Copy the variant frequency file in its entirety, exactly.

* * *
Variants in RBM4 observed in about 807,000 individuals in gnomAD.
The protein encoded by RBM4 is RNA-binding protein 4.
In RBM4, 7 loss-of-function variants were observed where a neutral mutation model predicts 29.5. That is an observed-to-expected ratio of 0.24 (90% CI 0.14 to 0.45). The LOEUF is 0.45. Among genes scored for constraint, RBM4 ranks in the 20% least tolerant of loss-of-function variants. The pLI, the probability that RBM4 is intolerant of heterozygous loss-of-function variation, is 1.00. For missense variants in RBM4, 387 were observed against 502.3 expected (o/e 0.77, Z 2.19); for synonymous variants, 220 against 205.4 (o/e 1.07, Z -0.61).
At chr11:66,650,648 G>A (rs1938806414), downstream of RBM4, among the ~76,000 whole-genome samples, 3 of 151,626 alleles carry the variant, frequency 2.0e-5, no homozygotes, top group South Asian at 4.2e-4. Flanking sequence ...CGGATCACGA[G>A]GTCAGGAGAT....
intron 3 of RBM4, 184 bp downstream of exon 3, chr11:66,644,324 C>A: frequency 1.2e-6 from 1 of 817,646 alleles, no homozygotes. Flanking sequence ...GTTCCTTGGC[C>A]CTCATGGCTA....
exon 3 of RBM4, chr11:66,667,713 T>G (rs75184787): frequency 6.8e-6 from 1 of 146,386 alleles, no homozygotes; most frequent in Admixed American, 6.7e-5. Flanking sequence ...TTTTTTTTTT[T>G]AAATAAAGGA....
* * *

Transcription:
Variants in RBM4 observed in about 807,000 individuals in gnomAD.
The protein encoded by RBM4 is RNA-binding protein 4.
In RBM4, 7 loss-of-function variants were observed where a neutral mutation model predicts 29.5. That is an observed-to-expected ratio of 0.24 (90% CI 0.14 to 0.45). The LOEUF is 0.45. Among genes scored for constraint, RBM4 ranks in the 20% least tolerant of loss-of-function variants. The pLI, the probability that RBM4 is intolerant of heterozygous loss-of-function variation, is 1.00. For missense variants in RBM4, 387 were observed against 502.3 expected (o/e 0.77, Z 2.19); for synonymous variants, 220 against 205.4 (o/e 1.07, Z -0.61).
At chr11:66,650,648 G>A (rs1938806414), downstream of RBM4, among the ~76,000 whole-genome samples, 3 of 151,626 alleles carry the variant, frequency 2.0e-5, no homozygotes, top group South Asian at 4.2e-4. Flanking sequence ...CGGATCACGA[G>A]GTCAGGAGAT....
intron 3 of RBM4, 184 bp downstream of exon 3, chr11:66,644,324 C>A: frequency 1.2e-6 from 1 of 817,646 alleles, no homozygotes. Flanking sequence ...GTTCCTTGGC[C>A]CTCATGGCTA....
exon 3 of RBM4, chr11:66,667,713 T>G (rs75184787): frequency 6.8e-6 from 1 of 146,386 alleles, no homozygotes; most frequent in Admixed American, 6.7e-5. Flanking sequence ...TTTTTTTTTT[T>G]AAATAAAGGA....